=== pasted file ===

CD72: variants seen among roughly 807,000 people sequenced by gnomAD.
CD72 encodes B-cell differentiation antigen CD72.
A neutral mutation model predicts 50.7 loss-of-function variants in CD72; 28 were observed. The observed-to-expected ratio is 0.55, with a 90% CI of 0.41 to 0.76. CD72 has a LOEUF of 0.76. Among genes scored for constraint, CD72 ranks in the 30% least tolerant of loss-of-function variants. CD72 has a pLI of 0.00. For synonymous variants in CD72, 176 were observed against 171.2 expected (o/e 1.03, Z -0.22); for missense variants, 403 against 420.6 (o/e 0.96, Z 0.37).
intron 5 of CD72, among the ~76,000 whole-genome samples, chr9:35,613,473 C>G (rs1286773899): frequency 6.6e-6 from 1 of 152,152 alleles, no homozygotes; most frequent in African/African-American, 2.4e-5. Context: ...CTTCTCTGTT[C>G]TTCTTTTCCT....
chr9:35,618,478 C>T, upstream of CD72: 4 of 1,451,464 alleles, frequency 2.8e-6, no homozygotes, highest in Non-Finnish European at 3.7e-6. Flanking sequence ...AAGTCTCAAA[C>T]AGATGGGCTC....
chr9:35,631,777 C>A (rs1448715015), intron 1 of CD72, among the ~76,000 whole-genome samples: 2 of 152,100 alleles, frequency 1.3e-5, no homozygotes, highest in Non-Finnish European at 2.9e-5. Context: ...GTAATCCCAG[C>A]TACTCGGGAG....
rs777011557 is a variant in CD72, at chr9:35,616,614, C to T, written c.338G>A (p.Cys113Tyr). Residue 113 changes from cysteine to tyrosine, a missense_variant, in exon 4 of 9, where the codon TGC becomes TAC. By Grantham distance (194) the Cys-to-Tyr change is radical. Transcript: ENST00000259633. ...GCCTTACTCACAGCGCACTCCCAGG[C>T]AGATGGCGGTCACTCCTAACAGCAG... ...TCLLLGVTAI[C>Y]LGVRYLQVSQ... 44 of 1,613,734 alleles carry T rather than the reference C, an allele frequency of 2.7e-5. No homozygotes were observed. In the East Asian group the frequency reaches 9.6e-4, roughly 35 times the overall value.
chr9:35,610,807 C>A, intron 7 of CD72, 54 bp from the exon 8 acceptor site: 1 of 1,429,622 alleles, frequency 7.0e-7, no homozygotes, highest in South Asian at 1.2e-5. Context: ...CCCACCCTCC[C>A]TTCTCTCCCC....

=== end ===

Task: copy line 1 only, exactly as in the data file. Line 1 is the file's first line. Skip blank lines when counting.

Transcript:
CD72: variants seen among roughly 807,000 people sequenced by gnomAD.